Stage 1 intuitive eating

Of the many things that just made sense when I found my way to fat acceptance and Health at Every Size, intuitive eating was at the top of the list. Of course my body knows better than a million nutritionists what it needs. Of course I should eat what my body calls me to eat. Looking back, it flabbergasts me that I had to be told to do it; I guess that’s why it’s called “intuitive.”

But as it turns out, intuitive eating is harder than it looks.

Getting to know my cravings has been an education: identifying the particular taste that’s making my mouth water, deconstructing a general desire for a Chipotle Burrito Bowl into a specific craving for the acids – tomatoes, lime juice – that give it its flavor. I don’t know whether I’ve ever had an eating disorder – I’ve never been disagnosed with one – but I’ve certainly been weird about food all my life, and although I do a lot of cooking I haven’t spent much time actually tasting it.

But understanding and following my cravings is only a part – the fun, decadent part – of what intuitive eating is about. It’s not an excuse to ignore the good meals I’ve cooked in favor of a “craving” for fast food. It’s not an open invitation to stop at Dairy Queen every day on the way home from work. With the freedom to eat what my body asks for comes the responsibility to be honest with myself, and that’s the hard part. On a superficial level? I want ice cream every damn day. Hell, I’ll eat it for every meal. (I mean, it’s practically yogurt, right?  And yogurt is totally a breakfast food.) But if I look closely at myself I have to admit that I’m still pretty muddled about what I want to eat. The signals I’m getting about Peanut Buster Parfaits are less an accurate reflection of what my body needs right now and more an emotional release after years of telling myself that I can’t have them.

So, having given myself a few months of what I’m calling “Stage 1 Intuitive Eating” – giving in to my cravings without examining them too closely – I’m ready to take it more seriously. I’m not going to start restricting the foods I eat, or forcing myself to eat things I’m not interested in eating. I am going to continue to eat what I crave – I’m just going to take more care to be sure that I’m really craving what I think I’m craving.

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6 responses to “Stage 1 intuitive eating

  1. Just make sure that you don’t *not* eat when you’re hungry because you don’t have the food you “crave.”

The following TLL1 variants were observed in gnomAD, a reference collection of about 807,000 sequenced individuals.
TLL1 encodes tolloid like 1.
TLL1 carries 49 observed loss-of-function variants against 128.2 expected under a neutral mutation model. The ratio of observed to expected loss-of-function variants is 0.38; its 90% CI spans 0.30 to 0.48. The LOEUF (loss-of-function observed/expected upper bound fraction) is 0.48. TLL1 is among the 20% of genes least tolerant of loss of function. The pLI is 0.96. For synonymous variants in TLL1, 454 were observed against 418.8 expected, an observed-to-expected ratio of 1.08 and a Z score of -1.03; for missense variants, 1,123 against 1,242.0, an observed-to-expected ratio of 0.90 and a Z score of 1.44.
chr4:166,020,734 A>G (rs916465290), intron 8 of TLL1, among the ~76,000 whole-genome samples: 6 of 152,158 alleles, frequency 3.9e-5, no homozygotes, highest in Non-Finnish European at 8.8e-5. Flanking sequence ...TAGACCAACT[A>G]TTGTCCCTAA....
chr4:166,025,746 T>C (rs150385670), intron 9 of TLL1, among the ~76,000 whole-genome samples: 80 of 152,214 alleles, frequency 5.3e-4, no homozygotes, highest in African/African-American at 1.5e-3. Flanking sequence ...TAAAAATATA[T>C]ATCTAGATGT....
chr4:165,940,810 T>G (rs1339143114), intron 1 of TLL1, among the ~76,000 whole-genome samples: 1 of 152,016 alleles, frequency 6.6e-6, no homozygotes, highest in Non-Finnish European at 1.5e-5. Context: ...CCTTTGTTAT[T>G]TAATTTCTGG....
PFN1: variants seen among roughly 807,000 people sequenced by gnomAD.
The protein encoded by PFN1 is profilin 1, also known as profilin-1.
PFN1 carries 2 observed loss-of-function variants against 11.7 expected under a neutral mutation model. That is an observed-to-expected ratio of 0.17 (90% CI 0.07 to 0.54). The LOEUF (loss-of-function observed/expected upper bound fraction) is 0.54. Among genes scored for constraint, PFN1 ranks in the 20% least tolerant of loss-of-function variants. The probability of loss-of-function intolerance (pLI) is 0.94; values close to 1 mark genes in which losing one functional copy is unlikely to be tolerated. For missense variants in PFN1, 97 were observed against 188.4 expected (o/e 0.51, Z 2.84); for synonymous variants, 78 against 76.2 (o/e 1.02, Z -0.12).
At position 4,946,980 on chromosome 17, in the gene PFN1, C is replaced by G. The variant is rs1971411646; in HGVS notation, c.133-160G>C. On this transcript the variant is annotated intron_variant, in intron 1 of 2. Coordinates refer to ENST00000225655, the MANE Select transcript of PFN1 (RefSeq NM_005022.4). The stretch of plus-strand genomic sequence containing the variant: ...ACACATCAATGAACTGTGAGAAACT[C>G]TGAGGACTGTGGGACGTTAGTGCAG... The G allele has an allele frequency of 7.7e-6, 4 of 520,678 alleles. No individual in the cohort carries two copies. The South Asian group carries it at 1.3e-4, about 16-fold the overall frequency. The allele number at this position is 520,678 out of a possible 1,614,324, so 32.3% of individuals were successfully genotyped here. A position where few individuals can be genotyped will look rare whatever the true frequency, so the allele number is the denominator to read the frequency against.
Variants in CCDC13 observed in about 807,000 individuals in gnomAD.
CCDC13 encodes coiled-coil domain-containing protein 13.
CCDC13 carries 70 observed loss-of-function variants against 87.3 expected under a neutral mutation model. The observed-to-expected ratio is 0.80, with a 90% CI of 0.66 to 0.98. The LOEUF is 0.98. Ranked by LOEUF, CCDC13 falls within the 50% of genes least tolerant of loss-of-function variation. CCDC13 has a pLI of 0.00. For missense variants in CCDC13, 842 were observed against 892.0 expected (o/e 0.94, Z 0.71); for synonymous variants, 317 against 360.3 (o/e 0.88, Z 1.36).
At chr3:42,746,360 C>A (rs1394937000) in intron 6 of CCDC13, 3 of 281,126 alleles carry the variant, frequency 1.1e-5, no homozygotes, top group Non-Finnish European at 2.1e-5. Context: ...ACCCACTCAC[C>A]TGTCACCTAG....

Intuitive eating has its limitations – namely, our pocketbooks and time to grocery-shop!

  2. I first found intuitive eating about 10 years ago and I loved it. I felt great and more in touch with my body than I had ever felt before (and even lost 30 lbs…probably because of a significant decrease in bingeing). During that time I discovered that once I convinced myself that I really could eat whatever I wanted when I was hungry that the “urge” or “craving” for things like fast food or sweets that I had thought of as bad became much less and my body craved a very balanced variety of foods. Then :( I got caught up in the diet mindset again (fool!). In the past year I have returned to intuitive eating again and am back in the stage where what I am hungry for is perhaps not as “balanced”. I think it is ok though…it is a process that helps me put food in the proper perspective. This time I decided to try a pictorial food log of sorts to remove the “good and bad” tags from the food I select.

  3. When I first started dabbling in IE, I was a real bitch to live with, because I never allowed Dreamboat to eat more than a half of anything we had at home in case I got a craving for it in the near future… But hey, it sure was worth it ;o)

  4. Big Liberty: Not eating is SO not my problem. My problem is taking “you can eat what you want!” too far. I need to get better at identifying “full” and not going past it; not eating when I’m bored, etc.

    Donna: Thanks for commenting and welcome! I’m checked out your blog; I think it’s a good idea.

    Bee: How DO you deal with that, though? I mean, I live alone, but how do you deal with not having what you crave around? Or not being able to afford what you crave? How do you do “real life” IE?

  5. I shop till I drop :o) I don’t shy away from shopping twice or thrice (or more!) a day, even if it’s just a single item that I’m after. My disordered mindset often tells me that it’s embarassing, to be seen at the store so often, but I’m trying not to listen…

    Oh and if I don’t have what I crave around, I usually send Dreamboat to the store to get it for me ;o) Or I get it myself, really. Now that it’s summer, it’s a really nice bike ride. In the winter, I’m usually too lazy to venture out into the blizzard and hold negotiations with my body if it could settle for a chunk of havarti instead of edam. Cheese = cheese, right? ;o)

    Money-wise, it’s really tough, especially now that we live off Dreamboat’s meagre salary. We try to make rather generous monthly budgets but always go over because of ‘food money,’ and have to cut back on other expenditures. It’s really difficult, but ultimately worth it. I’m still struggling (every single day) but I think I’m moving forward…

  6. I also was wondering about the money vs craving side of things. I guess the idea would be to live like the Europeans where they get good quality food from the markets everyday. If I get food and store it up in my house I always want something different and it just goes off. I hate that.

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